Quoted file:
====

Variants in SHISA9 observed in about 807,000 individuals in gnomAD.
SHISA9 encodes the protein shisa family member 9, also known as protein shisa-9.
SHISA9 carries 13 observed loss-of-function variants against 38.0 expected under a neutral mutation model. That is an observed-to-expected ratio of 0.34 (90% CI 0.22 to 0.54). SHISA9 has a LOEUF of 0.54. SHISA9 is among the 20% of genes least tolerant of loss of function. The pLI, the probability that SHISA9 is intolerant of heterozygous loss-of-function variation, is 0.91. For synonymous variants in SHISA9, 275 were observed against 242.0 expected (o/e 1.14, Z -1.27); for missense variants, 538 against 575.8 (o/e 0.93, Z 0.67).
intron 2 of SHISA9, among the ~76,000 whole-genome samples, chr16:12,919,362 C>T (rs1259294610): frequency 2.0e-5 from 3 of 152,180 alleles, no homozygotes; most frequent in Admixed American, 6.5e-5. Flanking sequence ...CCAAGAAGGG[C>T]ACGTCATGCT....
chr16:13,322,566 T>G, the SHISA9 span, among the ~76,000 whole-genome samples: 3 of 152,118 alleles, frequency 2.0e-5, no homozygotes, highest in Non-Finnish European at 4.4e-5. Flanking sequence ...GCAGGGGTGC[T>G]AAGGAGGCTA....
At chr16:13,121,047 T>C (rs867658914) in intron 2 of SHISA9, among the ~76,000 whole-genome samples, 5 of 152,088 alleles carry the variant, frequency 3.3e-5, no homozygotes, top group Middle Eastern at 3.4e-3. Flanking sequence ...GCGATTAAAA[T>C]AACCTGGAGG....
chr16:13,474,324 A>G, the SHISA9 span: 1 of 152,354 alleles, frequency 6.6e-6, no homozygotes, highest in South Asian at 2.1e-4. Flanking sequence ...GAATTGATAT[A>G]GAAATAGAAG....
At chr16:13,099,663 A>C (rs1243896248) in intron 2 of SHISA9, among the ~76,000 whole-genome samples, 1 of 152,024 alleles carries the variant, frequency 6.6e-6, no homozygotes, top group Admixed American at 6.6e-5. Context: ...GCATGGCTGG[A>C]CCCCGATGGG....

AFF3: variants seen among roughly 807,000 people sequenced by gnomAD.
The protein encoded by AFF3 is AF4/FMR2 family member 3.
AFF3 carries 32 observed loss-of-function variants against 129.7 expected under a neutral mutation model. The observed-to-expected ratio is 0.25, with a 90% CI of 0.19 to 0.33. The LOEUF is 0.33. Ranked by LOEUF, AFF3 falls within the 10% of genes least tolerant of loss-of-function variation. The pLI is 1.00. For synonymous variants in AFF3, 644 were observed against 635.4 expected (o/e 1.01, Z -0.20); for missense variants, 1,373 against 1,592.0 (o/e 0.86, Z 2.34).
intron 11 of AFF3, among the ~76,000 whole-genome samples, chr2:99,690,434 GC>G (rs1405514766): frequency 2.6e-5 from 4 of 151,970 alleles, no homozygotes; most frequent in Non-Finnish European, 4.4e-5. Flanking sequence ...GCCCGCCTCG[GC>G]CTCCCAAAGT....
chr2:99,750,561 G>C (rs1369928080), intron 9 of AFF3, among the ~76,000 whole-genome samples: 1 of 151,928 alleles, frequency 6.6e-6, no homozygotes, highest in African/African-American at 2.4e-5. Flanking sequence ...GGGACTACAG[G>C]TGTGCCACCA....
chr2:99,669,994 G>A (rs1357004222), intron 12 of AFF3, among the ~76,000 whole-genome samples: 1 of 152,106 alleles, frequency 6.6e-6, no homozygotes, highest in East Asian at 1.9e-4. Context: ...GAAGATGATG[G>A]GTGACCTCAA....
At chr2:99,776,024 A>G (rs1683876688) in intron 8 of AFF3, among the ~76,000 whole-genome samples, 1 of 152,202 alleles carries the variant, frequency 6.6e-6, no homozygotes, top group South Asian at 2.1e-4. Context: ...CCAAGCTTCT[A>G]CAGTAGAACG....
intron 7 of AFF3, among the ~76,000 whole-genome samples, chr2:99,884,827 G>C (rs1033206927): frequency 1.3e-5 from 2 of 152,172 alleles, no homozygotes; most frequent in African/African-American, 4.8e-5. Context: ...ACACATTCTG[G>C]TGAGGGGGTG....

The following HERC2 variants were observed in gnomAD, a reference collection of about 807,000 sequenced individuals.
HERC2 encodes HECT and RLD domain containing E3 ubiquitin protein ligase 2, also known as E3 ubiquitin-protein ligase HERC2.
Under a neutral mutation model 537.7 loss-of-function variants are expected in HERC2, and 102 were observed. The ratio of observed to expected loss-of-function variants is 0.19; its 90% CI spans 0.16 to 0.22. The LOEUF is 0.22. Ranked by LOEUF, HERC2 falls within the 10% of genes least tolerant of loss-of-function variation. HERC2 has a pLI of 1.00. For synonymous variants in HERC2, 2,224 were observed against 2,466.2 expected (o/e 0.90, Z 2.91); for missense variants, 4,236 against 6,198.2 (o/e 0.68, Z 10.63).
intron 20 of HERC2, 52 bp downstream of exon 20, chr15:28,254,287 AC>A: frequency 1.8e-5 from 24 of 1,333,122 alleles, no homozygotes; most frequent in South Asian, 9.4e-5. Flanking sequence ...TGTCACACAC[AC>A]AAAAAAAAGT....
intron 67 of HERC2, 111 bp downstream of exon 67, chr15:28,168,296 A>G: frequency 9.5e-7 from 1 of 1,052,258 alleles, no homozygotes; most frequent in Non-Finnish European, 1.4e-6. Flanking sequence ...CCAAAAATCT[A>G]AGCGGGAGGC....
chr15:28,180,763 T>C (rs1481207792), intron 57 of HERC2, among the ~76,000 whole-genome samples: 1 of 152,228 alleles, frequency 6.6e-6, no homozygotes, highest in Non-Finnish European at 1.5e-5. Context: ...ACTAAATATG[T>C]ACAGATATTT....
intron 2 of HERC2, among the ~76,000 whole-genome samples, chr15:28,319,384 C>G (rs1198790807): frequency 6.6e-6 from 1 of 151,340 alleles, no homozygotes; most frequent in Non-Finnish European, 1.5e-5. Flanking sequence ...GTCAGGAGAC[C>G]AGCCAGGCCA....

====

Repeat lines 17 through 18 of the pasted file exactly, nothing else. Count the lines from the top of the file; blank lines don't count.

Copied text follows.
The following HERC2 variants were observed in gnomAD, a reference collection of about 807,000 sequenced individuals.
HERC2 encodes HECT and RLD domain containing E3 ubiquitin protein ligase 2, also known as E3 ubiquitin-protein ligase HERC2.